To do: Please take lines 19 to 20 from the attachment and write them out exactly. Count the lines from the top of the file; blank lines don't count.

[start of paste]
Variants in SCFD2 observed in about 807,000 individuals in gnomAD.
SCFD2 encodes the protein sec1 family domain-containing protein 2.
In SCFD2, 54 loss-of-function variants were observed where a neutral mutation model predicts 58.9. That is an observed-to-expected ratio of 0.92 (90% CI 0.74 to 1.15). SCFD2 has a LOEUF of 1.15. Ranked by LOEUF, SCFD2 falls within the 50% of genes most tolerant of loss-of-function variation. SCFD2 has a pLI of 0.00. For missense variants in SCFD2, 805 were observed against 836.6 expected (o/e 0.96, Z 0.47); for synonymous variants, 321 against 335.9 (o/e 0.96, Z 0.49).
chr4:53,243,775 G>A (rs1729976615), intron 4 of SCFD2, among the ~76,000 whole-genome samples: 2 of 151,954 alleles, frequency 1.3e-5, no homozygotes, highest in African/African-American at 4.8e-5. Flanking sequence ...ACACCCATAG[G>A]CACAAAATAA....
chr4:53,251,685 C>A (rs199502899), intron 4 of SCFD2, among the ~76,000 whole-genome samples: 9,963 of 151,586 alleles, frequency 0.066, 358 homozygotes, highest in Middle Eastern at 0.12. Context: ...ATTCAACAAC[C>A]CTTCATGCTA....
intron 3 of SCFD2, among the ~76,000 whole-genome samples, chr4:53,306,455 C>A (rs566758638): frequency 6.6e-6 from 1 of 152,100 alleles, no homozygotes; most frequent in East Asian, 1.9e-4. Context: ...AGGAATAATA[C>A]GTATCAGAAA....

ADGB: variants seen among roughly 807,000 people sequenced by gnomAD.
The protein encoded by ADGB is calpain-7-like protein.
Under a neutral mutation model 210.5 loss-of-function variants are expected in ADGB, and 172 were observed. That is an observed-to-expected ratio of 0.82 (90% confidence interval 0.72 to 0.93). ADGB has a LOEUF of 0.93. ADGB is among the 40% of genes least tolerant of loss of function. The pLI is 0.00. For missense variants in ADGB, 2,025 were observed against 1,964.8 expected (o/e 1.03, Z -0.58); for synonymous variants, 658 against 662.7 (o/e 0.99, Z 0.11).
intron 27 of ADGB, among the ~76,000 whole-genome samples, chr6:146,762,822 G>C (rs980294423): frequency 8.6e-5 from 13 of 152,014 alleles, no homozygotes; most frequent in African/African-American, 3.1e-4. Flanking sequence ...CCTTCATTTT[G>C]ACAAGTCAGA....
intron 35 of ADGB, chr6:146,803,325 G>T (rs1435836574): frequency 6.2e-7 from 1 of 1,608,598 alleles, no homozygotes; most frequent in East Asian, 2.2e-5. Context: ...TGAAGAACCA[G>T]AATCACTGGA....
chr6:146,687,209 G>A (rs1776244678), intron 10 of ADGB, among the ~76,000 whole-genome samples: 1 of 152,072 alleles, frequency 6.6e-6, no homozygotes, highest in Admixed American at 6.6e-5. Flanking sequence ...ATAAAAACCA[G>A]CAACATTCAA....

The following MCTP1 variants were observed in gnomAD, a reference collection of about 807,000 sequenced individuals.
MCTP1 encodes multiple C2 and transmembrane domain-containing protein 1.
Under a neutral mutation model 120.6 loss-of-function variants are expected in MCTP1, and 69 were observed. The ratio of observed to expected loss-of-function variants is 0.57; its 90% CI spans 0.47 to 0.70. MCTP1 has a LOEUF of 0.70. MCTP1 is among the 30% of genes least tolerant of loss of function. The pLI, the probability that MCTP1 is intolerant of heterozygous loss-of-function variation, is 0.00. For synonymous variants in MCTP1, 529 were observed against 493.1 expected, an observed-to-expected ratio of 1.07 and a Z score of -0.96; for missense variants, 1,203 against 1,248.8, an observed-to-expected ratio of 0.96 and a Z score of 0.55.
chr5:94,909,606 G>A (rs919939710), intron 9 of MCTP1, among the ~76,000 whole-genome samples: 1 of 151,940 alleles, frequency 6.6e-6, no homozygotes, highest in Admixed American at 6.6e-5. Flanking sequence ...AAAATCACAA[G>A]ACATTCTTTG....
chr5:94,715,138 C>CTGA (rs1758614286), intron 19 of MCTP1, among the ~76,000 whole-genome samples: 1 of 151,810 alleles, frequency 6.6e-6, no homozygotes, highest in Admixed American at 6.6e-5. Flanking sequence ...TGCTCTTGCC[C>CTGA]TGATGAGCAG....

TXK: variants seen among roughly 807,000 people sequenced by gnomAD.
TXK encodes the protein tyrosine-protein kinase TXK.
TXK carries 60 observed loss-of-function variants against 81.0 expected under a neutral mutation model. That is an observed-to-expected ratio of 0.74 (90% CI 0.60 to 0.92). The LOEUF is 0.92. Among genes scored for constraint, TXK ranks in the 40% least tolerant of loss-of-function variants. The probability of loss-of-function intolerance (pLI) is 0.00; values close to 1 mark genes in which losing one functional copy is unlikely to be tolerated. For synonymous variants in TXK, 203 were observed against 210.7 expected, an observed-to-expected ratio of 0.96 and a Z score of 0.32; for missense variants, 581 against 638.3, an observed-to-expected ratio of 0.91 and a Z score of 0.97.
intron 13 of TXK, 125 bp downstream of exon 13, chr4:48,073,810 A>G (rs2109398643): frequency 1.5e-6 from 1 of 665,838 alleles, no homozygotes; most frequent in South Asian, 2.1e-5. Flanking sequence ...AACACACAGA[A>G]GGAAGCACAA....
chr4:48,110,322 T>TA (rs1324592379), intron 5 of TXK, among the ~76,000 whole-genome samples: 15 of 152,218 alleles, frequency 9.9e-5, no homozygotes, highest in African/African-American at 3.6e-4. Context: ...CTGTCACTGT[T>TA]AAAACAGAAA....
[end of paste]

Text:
TXK encodes the protein tyrosine-protein kinase TXK.
TXK carries 60 observed loss-of-function variants against 81.0 expected under a neutral mutation model. That is an observed-to-expected ratio of 0.74 (90% CI 0.60 to 0.92). The LOEUF is 0.92. Among genes scored for constraint, TXK ranks in the 40% least tolerant of loss-of-function variants. The probability of loss-of-function intolerance (pLI) is 0.00; values close to 1 mark genes in which losing one functional copy is unlikely to be tolerated. For synonymous variants in TXK, 203 were observed against 210.7 expected, an observed-to-expected ratio of 0.96 and a Z score of 0.32; for missense variants, 581 against 638.3, an observed-to-expected ratio of 0.91 and a Z score of 0.97.